Wishing everyone a great holiday, and all the best for the New Year.  Enjoy the break!

December stresses me out!

Photo by @aliisonw // Instagram @gradlifemcgill

Photo by @aliisonw // Instagram @gradlifemcgill

It’s officially mid-December and you know what that means. Snow, slush and exams! It’s the time of year where every coffee shop in a 20 minute radius of campus is full of undergrads and graduate students alike studying hard for exams. Personally, I’m in my last years of a project-based degree, so I finished my course work some years ago and I do not miss it one bit. The sleepless nights, the stress eating, and the caffeine-induced eye twitches are mostly issues of the past for me, but I feel for all of you out there currently in the middle of exam season. It is not fun, but hopefully it will be over for you soon.

Now while I don’t exactly have exams to manically cram for, this time of year brings my own special brand of stress, my annual committee meeting. Now I know not all the departments are the same, but as a Biochemistry graduate student you have to assemble a committee of professors (at least 2 plus your supervisor) that you meet with at least once a year to make sure your work is on track. Unfortunately mine has been pushed all the way to the end of this year.  All things considered, I prefer this annual evaluation to any exam I’ve written but it is still incredibly stressful. Basically it’s a presentation where I show all the work I’ve done over the years and I’m questioned on what I know, what I think and what I want to do next. (more…)

I like to do surveys (like this one)

Lucky me, all the people I study for my PhD are dead a couple of centuries ago. I don’t have to ask them any questions, even if that would be a great help sometimes. Well, all the time, but I can’t. I have to find the answers I need in ancient documents. But some grad students really need to interact with other living humans and ask them questions.

When I studied and worked in communications, I came to understand the value of some surveys. From that time, I almost always answer when someone wants to ask questions for a «good» cause.

The same thing is happening now that I am in grad school. I almost always say «yes!» when somebody needs to do study in order to complete their research. I am even on a waiting list for research about baby’s communication.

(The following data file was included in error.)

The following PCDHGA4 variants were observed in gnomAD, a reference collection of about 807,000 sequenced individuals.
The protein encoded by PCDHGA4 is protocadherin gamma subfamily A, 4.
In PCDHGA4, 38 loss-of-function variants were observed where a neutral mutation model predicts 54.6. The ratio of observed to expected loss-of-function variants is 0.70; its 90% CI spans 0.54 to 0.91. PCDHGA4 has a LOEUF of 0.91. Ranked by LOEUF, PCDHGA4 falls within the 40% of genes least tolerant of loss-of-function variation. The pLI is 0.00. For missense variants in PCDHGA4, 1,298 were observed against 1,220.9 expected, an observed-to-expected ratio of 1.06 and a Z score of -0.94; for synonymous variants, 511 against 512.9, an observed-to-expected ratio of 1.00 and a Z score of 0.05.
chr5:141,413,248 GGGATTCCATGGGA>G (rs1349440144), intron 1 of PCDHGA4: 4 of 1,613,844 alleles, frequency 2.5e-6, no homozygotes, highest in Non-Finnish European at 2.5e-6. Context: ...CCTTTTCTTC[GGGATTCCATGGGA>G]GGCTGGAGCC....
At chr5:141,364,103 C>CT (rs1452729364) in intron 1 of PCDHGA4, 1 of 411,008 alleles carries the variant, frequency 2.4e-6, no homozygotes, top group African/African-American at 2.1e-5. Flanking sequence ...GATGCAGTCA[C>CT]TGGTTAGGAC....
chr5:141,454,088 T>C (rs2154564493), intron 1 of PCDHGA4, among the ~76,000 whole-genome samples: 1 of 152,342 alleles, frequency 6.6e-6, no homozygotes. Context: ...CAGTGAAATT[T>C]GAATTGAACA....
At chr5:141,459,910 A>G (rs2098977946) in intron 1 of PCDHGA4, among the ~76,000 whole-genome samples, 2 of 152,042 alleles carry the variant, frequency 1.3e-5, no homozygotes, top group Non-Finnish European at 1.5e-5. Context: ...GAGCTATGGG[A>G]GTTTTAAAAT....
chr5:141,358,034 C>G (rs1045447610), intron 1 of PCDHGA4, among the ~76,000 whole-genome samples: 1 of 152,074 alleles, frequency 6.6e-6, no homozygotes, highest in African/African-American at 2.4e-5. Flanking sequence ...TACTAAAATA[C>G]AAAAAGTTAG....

If you want to help too, there are quite a lot of surveys you can answer, like this one about Doctoral Students’ Work-Life Balance and Well-Being (psss, you can win 250$ or even 500$!).

How do you find answers to your research’s questions?

Ps:.: I made mistakes? Please, help me improve!

Paper or Not?

Paper or Not?

We occupy the most rapidly evolving age of human kind to date, technology has started to become obsolete or outdated faster than my wardrobe. Big-shots in the technological field predict a fast approaching singularity  of technological advancement; expect that to happen when computers start to design computers for designing better computers. During the interim though, we’ve got what we’ve got in the present, and it’s expensive, so what’s worth your hard earned money? (more…)

Goodbye, students from my conferences!

Instagram @gradlifemcgill // photo by @kipunsam.daily

Instagram @gradlifemcgill // photo by @kipunsam.daily

For the second time in my life, I was a TA. For 10 weeks, I had to read the assign articles and books of a class and prepare questions in order for students to discuss in the conferences.

Last year I wanted to die because I didn’t even know what conferences were supposed to be (I never had that kind of activities at the University of Montreal), and I had to entertain twenty young students in English.

This year, I was more comfortable. Still stressed, but less. Ouf!

I met incredible students, opened to the world, expert-to-be in their own field, nice and funny. Some were really helpful, correcting my English pronunciation or translating for me. Some encouraged me by their smile. It was really, at least I hope, a multidirectional exchange of knowledge.